Cheerleading was always a home for me in middle and high school, and it is wonderful to have a home in it again today.

As a kid, I was an avid follower of Philly sports, mainly the Eagles, Flyers, and Phillies. Today my allegiances have slightly shifted to watching Seattle sports every week. But not only that, I’ve been able to find and support women’s sports leagues and teams. I love the Seattle Storm and OL Reign. They have been my favorite sporting events to attend – no shade to the men’s teams, I love Seattle sports. There is something different about it out here, and that is across all of the teams. I love it. My partner, Rose, played field hockey in college, and I loved watching their games. Even when we were states apart, I would pull it up online and stream it to my TV. It is sad – I grew up even myself not giving much weight to women’s sports or the idea that I could love sports, because of the culture I grew up around, and then ever since I have realized how powerful, athletic, and bad ass women’s sports are. All of them. It’s another world.

How are you currently involved in the LGBTQ+ sports community?

I am on the board of directors (and am Secretary) for CHEER Seattle, an affiliate team of PCA. CHEER Seattle (SEA) is an all-adult volunteer nonprofit that raises funds, awareness, and spirits through inspiring performances and inclusive community We perform at a range of events spanning from Seattle Pride celebrations and parade, private parties, cheering on runners at local 5ks, to helping celebrate events for local businesses and communities. We also participate in pride events for our Affiliate PCA teams, compete at events like the Sin City Classic, and Gay Games. Through CSEA, I have been able to connect with other LGBTQIA+ sports leaders and athletes here in the Seattle area and also, I have had the opportunity to speak at events such as the PCA Summit – where I hosted the opening fireside chat and a panel on sports diversity in 2021, and this year for 2022. I produced and delivered a training on inclusive language along with another wonderful PCA leader; spoke at the Compete Sports Summit here in Seattle on a panel about Transgender representation in sports, and through that event earned my SDL certificate, that I am beyond proud of. I am looking forward to opportunities to continue to work with Compete in the future!

Another way that I connect to the queer sports community is through my podcast, Beau my God, and company, Beau my God, LLC. Through these platforms I have had the opportunity to spread awareness and fact-based information on a range of LGBTQIA+ topics including culture, history, current events, and sports. We have covered topics like Brittney Griner’s unjust sentence in Russian prison, anti-trans sports bills being proposed across the country, and more! I have delivered various trainings and presentations on gender vs sex, LGBTQIA+ 101, Gender, Mental Health, and Periods; LGBTQIA+ Implications in the Workplace, and more. Beau my God the Podcast is on Season 3 with over 40 original episodes containing guests such as Trans Filmmaker and the director of Trans in Trumpland, Tony Zosherafatain; Trans Activist and Entrepreneur, Aydian Dowling; Steven Knipp, the Executive Director of GenPride; and various members of Pride Cheerleading Association and CHEER Seattle.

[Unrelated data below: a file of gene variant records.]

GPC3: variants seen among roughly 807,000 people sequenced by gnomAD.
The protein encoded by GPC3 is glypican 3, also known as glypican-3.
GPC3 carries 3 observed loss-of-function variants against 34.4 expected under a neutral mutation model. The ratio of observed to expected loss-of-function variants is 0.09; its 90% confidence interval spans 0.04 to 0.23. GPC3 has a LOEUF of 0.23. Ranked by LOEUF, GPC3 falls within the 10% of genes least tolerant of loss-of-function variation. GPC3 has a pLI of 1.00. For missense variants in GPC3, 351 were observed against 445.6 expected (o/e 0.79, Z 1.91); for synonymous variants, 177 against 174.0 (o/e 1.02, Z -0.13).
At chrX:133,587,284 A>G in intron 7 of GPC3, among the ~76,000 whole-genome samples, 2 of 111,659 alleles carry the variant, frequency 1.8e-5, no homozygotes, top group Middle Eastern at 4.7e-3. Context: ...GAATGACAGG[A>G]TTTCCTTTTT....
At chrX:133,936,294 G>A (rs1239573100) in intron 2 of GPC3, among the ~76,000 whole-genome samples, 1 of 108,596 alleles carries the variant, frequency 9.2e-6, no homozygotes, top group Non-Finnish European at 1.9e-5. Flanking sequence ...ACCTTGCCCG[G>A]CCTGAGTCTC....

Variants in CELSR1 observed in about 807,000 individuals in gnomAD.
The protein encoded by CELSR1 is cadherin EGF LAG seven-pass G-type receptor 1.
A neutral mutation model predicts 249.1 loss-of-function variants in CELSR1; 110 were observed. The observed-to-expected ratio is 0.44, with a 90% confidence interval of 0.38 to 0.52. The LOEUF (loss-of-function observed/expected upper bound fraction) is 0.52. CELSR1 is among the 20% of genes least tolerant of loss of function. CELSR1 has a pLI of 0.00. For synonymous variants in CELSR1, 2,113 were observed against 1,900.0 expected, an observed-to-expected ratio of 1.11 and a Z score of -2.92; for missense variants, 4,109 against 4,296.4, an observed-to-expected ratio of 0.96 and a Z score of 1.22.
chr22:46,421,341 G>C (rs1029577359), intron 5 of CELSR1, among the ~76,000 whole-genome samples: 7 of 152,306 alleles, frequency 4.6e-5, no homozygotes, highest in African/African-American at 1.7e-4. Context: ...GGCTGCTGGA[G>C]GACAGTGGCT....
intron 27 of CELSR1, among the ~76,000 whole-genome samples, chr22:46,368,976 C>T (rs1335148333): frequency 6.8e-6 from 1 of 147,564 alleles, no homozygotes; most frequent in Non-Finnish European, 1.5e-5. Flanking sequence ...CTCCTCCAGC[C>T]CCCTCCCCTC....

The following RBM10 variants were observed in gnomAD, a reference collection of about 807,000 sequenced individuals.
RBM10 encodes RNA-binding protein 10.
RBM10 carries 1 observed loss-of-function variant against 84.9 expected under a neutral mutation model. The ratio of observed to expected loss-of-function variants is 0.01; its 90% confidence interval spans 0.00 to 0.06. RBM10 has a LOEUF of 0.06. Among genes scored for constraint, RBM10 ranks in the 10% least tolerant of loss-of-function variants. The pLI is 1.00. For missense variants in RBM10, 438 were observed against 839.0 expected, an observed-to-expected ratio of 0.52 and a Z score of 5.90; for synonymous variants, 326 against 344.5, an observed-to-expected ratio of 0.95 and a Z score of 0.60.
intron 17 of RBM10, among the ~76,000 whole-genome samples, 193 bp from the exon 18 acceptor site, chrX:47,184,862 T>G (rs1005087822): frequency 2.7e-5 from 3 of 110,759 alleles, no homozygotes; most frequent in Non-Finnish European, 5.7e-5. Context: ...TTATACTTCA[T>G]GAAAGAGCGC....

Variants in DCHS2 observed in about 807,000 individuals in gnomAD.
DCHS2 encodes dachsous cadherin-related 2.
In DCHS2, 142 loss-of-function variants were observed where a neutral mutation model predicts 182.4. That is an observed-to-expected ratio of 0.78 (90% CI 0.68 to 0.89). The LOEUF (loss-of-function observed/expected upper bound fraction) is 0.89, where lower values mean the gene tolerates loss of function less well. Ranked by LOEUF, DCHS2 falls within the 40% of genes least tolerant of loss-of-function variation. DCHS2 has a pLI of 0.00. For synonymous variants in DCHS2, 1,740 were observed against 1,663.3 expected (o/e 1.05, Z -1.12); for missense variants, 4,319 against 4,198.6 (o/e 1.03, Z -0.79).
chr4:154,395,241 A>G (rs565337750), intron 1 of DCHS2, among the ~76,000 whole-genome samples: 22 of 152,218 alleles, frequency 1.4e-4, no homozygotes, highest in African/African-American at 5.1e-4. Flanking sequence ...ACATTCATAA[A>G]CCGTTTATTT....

If given the chance, what would you tell/teach your younger self? And/or is there anything you hope to teach the younger generation that may be looking up to you.

If there was anything that I wish I could tell my younger self, it would be to dream big. I spent a lot of my childhood minimizing myself, my presence, my dreams. Trying to be what I thought at the time was feasible and realistic. Now that I am growing into myself, my nonbinaryness, my transness, my queerness, my full and identity, I am realizing just how amazing, and smart, and capable and resilient I am. And I know I am capable of so much more than I have ever given myself credit for. I never pictured living to the age that I currently am. I never thought there was more to life after college and getting married. I never knew that I could be truly whatever I set my mind to, and I have been many things – a Firefighter, EMT, Emergency Dispatcher, a Receptionist, a Snack Bar Manager, a busser, a physical laborer, an Emergency Manager, a treasurer and bookkeeper, an administrative assistant, an office manager, a small business owner, a podcaster. And let’s see what I have yet to be!

What are your future goals?

My future goals are to continue in my passions for LGBTQIA+ advocacy and visibility with a focus on sports and media/communications. I would love to grow my LLC into a publishing and production company, work in sports broadcasting or management, and I am during writing and publishing many different books and projects. I want to do a little bit of everything, have a family, travel the world, and make it a better place. Owning a home would be ideal 🙂

What does Sports Diversity mean to you?

Sports diversity means a lot of things to me. It means creating a space where all people are represented in their journeys. A place where transgender athletes weren’t banned from participating out of biased, unfounded fears. Where women, nonbinary, and intersex people could participate in sports regardless of their testosterone levels, arbitrary and outdated secondary sex characteristic categorizations. A place where we can recognize and credit, monetarily support the cultures and people who created and introduced sports and recreational activities like Yoga. I think that Sports diversity is ensuring that people have a seat at the table to not only participate in their respective sports but have the platform and visibility to share improvements and the betterment of these spaces and groups. It is wonderful to see so many professional athletes come publicly out of the closet, but there are reasons why most are in the closet in the first place. There are reasons that people are afraid to be their full selves in these arenas, and that is where we need the change. Most sports are team sports, and that is how we should tackle issues of diversity, equity, inclusion, and accessibility in athletics. As a team, working together to uplift, support, and show up for our teammates, partners, stakeholders, and friends.